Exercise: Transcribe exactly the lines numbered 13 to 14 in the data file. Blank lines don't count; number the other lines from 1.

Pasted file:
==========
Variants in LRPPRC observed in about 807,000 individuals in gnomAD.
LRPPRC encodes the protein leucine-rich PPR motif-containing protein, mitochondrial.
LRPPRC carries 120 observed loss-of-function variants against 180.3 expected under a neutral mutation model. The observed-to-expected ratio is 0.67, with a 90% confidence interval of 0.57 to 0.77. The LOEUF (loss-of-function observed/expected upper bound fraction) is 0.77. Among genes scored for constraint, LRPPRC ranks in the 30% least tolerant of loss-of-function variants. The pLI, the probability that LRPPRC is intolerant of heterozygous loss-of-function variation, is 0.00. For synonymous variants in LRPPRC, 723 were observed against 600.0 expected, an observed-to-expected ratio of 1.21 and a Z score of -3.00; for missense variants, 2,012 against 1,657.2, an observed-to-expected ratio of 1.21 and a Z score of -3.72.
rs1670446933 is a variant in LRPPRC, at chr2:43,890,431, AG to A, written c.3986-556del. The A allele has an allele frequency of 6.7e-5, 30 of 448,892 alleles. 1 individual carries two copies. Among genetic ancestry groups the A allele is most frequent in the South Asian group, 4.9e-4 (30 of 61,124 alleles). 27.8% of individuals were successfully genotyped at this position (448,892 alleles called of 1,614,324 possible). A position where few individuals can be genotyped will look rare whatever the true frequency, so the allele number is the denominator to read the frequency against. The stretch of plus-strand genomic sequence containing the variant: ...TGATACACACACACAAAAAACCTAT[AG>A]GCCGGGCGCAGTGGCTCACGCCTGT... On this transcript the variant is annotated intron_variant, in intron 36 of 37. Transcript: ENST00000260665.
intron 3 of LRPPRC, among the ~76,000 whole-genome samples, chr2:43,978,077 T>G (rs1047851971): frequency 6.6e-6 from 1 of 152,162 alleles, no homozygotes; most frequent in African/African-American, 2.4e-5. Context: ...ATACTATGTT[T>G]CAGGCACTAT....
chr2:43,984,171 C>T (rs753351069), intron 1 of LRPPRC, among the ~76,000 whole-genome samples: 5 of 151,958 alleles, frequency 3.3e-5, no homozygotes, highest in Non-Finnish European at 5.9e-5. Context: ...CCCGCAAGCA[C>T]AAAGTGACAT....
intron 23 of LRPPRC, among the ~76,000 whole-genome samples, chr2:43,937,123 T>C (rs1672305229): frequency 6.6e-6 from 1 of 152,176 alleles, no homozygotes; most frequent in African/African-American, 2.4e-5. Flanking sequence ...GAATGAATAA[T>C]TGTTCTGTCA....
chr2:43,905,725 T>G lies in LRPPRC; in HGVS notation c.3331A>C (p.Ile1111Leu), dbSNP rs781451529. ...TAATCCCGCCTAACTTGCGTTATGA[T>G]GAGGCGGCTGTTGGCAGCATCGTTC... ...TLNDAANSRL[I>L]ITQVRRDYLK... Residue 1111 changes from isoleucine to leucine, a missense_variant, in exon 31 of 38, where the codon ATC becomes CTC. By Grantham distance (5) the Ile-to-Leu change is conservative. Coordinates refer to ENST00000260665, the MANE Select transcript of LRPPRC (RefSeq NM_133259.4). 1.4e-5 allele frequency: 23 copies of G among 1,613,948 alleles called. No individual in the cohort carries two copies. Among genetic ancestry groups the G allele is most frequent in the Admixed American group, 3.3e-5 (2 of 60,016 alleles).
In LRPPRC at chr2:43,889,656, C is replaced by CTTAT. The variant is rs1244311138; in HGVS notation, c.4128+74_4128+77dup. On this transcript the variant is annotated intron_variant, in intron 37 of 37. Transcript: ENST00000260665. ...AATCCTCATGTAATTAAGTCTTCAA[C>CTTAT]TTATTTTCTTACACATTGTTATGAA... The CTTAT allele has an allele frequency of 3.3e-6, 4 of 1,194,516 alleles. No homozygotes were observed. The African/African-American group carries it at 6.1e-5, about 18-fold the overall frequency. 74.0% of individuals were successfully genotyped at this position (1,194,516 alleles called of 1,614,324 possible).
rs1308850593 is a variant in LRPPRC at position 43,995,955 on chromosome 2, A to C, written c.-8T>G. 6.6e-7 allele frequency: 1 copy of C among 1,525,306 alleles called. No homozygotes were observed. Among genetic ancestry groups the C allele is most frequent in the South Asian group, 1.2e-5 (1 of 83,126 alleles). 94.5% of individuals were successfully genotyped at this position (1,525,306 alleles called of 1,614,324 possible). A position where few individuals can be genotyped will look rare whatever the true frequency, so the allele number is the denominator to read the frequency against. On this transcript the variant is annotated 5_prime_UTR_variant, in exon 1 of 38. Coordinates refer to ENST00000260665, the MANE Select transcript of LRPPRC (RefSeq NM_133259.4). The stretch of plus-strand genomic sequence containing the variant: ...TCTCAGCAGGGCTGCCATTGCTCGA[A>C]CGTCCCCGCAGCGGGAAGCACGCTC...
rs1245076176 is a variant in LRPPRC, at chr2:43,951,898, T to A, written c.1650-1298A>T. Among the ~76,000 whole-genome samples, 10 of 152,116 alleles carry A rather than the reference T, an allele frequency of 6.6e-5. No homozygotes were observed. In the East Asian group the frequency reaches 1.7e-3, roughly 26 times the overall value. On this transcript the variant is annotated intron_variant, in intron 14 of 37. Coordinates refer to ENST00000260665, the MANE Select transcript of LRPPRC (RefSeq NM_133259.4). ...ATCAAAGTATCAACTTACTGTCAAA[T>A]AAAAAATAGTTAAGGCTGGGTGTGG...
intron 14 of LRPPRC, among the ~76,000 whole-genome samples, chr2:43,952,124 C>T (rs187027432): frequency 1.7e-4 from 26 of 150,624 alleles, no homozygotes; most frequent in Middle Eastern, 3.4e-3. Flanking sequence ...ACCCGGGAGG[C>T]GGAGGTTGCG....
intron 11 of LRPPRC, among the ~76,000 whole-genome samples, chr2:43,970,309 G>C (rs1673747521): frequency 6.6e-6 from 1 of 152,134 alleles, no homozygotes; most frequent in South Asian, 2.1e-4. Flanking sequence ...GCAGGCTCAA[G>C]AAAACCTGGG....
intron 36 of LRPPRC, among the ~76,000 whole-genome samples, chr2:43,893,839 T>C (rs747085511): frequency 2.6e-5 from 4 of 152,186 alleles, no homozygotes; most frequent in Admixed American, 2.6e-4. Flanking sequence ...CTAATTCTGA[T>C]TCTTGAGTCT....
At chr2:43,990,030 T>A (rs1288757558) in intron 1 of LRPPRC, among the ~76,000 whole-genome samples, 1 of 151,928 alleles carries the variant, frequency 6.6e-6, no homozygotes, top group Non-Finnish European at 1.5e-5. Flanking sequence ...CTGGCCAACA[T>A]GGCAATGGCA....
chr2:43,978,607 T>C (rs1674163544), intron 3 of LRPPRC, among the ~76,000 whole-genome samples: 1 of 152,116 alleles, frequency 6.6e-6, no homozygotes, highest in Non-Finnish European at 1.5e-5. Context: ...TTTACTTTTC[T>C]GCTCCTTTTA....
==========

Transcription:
intron 11 of LRPPRC, among the ~76,000 whole-genome samples, chr2:43,970,309 G>C (rs1673747521): frequency 6.6e-6 from 1 of 152,134 alleles, no homozygotes; most frequent in South Asian, 2.1e-4. Flanking sequence ...GCAGGCTCAA[G>C]AAAACCTGGG....
intron 36 of LRPPRC, among the ~76,000 whole-genome samples, chr2:43,893,839 T>C (rs747085511): frequency 2.6e-5 from 4 of 152,186 alleles, no homozygotes; most frequent in Admixed American, 2.6e-4. Flanking sequence ...CTAATTCTGA[T>C]TCTTGAGTCT....